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NC Museum of Natural Sciences wins 2014 Museums Connect grant

FOR IMMEDIATE RELEASE – July 1, 2014
Education, Science, Travel Editors.
Contact: emelia.cowans@naturalsciences.org; 919.707.9837

The U.S. Department of State and the American Alliance of Museums award the North Carolina Museum of Natural Sciences one of nine 2014 Museums Connect grants 

RALEIGH — The North Carolina Museum of Natural Sciences’ e-Mammal International program is one of nine new projects announced today by the U.S. Department of State’s Bureau of Educational and Cultural Affairs and the American Alliance of Museums as part of a Museums Connect grant linking U.S. communities with communities around the world through innovative, museum-based exchanges that foster mutual understanding. Award topics include climate change, women’s empowerment, disability awareness, and civic engagement. Museums Connect awarded the Museum $82,978.25.   

e-Mammal International seeks to promote cultural understanding among children between the ages of 11 and 14 through the lens of applied scientific research among middle schools in the United States, India and Mexico. This international partnership will expand upon the work of Dr. Roland Kays (Director of the Biodiversity Lab at the NC Museum of Natural Sciences) and his ongoing research project, e-Mammal, to collaboratively engage children worldwide in learning about science while simultaneously learning about each other’s cultures. e-Mammal is a citizen science project that uses camera traps to document animal population sizes and habitat use. The Museum (Raleigh, NC), the Bombay Natural History Society (Mumbai, India) and the Museo de Paleontología (Guadalajara, Mexico) will work together to engage children and their teachers while also generating data for scientists in each of these respective countries. 

The Museums Connect grant also leverages a larger grant from the National Science Foundation (Students Discover) that will allow Museum staff to produce a curriculum module that teachers can use to implement e-Mammal in the classroom.

“Camera traps are a great tool for teaching about science because they allow kids to get their own amazing pictures of animals, translate those into data points, and start to ask their own questions about zoology,” said Kays. “This Museums Connect grant will add a new dimension to our work, using cool animal pictures not only to engage kids with science, but also to help them learn about other parts of the world and their cultures. We know our cameras in North Carolina return all kinds of surprising pictures of wildlife living near schools like deer, raccoons, foxes and coyotes – I can't wait to see what species we find in India and Mexico.”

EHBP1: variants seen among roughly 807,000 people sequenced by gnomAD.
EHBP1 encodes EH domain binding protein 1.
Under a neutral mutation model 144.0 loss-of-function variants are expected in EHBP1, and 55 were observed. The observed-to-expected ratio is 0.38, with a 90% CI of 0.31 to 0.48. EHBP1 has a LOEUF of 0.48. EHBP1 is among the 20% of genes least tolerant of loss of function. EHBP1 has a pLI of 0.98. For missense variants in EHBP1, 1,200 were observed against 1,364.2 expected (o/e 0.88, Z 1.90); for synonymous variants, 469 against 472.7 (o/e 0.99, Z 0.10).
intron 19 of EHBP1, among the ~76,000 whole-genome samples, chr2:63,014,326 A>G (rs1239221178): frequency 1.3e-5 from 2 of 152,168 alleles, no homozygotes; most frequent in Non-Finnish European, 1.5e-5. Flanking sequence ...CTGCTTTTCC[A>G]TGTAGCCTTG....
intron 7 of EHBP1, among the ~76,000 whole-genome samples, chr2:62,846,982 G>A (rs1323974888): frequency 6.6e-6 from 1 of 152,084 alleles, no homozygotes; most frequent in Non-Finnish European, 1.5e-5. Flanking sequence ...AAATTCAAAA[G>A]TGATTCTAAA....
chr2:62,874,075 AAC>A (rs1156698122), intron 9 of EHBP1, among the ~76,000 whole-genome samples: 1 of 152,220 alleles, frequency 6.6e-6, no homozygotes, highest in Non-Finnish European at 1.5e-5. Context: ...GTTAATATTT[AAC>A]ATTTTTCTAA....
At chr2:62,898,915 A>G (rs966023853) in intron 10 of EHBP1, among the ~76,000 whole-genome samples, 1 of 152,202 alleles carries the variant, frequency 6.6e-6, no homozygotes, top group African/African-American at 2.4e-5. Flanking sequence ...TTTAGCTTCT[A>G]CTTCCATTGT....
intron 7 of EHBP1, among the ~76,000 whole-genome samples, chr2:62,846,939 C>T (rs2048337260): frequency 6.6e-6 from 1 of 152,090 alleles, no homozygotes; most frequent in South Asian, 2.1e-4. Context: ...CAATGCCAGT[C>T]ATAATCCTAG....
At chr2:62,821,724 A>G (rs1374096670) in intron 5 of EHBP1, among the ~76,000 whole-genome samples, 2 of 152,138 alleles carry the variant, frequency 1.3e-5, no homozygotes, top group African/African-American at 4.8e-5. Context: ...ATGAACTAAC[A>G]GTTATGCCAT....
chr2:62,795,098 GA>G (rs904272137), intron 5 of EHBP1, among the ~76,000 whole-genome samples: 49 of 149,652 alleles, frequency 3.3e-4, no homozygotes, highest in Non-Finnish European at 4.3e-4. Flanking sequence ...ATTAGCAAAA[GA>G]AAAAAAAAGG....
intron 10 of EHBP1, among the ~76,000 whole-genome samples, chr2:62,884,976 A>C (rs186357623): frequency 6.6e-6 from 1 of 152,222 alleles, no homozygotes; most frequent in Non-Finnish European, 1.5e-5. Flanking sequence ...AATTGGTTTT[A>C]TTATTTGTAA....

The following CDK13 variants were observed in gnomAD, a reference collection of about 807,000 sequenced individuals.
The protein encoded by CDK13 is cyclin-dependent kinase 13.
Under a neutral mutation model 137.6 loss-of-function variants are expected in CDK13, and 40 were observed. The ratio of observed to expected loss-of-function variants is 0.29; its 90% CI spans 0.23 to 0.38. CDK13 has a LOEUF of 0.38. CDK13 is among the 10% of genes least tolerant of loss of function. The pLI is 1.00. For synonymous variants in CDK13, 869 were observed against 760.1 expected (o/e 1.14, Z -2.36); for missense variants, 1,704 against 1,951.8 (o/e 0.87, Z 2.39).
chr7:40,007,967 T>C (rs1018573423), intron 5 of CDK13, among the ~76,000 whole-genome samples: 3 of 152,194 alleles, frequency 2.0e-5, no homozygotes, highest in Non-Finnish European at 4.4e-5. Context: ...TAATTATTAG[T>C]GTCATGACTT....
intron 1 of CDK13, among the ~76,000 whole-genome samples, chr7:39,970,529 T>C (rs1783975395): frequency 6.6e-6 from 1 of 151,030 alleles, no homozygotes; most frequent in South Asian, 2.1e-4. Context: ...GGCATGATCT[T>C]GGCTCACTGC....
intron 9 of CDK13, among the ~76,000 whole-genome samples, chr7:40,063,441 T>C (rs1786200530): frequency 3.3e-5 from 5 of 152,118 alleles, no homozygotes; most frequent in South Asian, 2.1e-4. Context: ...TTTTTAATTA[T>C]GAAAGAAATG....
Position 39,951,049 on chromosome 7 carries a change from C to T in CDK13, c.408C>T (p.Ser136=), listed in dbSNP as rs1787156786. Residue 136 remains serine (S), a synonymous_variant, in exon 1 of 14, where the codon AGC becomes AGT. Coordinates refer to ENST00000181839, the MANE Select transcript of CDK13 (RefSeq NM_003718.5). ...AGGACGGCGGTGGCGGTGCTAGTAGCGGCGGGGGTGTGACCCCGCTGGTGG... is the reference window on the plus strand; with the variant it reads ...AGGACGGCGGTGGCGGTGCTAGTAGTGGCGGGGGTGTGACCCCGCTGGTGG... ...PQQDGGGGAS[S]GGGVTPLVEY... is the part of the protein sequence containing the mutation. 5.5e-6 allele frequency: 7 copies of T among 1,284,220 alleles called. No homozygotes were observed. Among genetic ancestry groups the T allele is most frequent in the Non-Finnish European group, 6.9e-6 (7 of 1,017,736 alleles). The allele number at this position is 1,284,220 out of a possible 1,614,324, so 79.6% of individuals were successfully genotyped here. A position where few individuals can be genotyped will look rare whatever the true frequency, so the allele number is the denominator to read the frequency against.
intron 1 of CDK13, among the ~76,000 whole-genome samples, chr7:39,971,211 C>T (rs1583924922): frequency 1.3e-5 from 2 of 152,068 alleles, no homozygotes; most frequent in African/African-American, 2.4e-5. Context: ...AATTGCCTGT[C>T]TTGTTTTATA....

The program, which runs through June, 2015 will encourage 6th, 7th and 8th grade Wake County Public School students from  Carroll, East Cary, East Wake, and North Garner Middle Schools and their teachers to:

  • Create an introductory video that captures the nuances of everyday life as a middle school student in their country. This video will aid students in expanding their knowledge of different cultures and will be uploaded onto the e-Mammal website, www.emammal.wordpress.com.
  • Learn more about the scientific method and contribute to making new discoveries about how wildlife adapts to humans around the world. 
  • Upload data to the e-Mammal website and database, which will be used by the scientific community.
  • Meet working scientists and researchers to learn more about careers in STEM.

The Museum will partner with International Focus to stage a cultural event at the Museum as part of the capstone experience to help teach local children and visiting Indian and Mexican children about cultural diversity. International Focus is a non-profit, 501 (c)(3) organization with the mission to support North Carolina's international communities and promote American ideals through cross-cultural communication, education, understanding, and the celebration of culture, arts, and cuisine from around the world. The event will feature youth groups performing traditional Indian and Mexican dances in costumes. Since its inception and now in its seventh year, Museums Connect has linked American museums in 26 states and the District of Columbia with partners abroad in 45 countries, including Afghanistan, Azerbaijan, Cambodia, China, Mexico, Kenya and Morocco. The program is excited to announce that it is now accepting applications for the 2015 cycle to further extend the program’s reach. This year’s grantees embrace the discipline and geographic diversity that is the signature of Museums Connect; locations new to the program include Cambodia, Honduras, Jamaica, Mongolia, and Romania. Further information about the 2014 awardees can be found at www.aam-us.org/museumsconnect.

 


The North Carolina Museum of Natural Sciences (11 W. Jones St. and 121 W. Jones St.) in downtown Raleigh, is the state's most visited cultural attraction. It is an active research institution that engages visitors of every age and stage of learning in the wonders of science and the natural world, drawing them into the intriguing fields of study that are critical to the future of North Carolina. Hours: Mon.- Sat., 9 a.m.-5 p.m., and Sun., noon-5 p.m. Admission is free. Visit the Museum on the Web at www.naturalsciences.org. Emlyn Koster, PhD, Director; John E. Skvarla III, Secretary, Department of Environment and Natural Resources; Pat McCrory, Governor.

Publish Date: 
Wednesday, July 2, 2014